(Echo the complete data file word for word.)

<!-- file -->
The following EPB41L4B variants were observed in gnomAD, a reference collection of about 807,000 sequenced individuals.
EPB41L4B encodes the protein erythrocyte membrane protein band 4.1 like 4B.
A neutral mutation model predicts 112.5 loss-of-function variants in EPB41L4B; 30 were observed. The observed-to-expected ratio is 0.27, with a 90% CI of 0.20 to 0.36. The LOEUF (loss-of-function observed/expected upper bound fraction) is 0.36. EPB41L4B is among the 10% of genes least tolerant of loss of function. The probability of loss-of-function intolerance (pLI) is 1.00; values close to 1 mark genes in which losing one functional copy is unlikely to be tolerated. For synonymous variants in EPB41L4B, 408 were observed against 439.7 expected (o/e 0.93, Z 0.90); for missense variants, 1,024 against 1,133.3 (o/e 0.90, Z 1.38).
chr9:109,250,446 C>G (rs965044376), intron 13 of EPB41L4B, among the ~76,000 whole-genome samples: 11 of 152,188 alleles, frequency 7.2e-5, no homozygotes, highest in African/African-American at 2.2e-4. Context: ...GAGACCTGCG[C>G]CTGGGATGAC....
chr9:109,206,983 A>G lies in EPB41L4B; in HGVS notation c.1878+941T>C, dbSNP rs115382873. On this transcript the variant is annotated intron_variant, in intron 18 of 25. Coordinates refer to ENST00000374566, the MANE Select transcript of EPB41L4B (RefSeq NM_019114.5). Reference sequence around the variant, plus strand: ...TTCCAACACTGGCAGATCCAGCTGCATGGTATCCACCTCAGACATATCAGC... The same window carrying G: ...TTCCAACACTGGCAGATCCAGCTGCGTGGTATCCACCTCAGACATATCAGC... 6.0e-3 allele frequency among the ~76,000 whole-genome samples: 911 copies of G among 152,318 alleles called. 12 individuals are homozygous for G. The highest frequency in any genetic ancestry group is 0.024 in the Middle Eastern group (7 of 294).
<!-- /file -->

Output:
The following EPB41L4B variants were observed in gnomAD, a reference collection of about 807,000 sequenced individuals.
EPB41L4B encodes the protein erythrocyte membrane protein band 4.1 like 4B.
A neutral mutation model predicts 112.5 loss-of-function variants in EPB41L4B; 30 were observed. The observed-to-expected ratio is 0.27, with a 90% CI of 0.20 to 0.36. The LOEUF (loss-of-function observed/expected upper bound fraction) is 0.36. EPB41L4B is among the 10% of genes least tolerant of loss of function. The probability of loss-of-function intolerance (pLI) is 1.00; values close to 1 mark genes in which losing one functional copy is unlikely to be tolerated. For synonymous variants in EPB41L4B, 408 were observed against 439.7 expected (o/e 0.93, Z 0.90); for missense variants, 1,024 against 1,133.3 (o/e 0.90, Z 1.38).
chr9:109,250,446 C>G (rs965044376), intron 13 of EPB41L4B, among the ~76,000 whole-genome samples: 11 of 152,188 alleles, frequency 7.2e-5, no homozygotes, highest in African/African-American at 2.2e-4. Context: ...GAGACCTGCG[C>G]CTGGGATGAC....
chr9:109,206,983 A>G lies in EPB41L4B; in HGVS notation c.1878+941T>C, dbSNP rs115382873. On this transcript the variant is annotated intron_variant, in intron 18 of 25. Coordinates refer to ENST00000374566, the MANE Select transcript of EPB41L4B (RefSeq NM_019114.5). Reference sequence around the variant, plus strand: ...TTCCAACACTGGCAGATCCAGCTGCATGGTATCCACCTCAGACATATCAGC... The same window carrying G: ...TTCCAACACTGGCAGATCCAGCTGCGTGGTATCCACCTCAGACATATCAGC... 6.0e-3 allele frequency among the ~76,000 whole-genome samples: 911 copies of G among 152,318 alleles called. 12 individuals are homozygous for G. The highest frequency in any genetic ancestry group is 0.024 in the Middle Eastern group (7 of 294).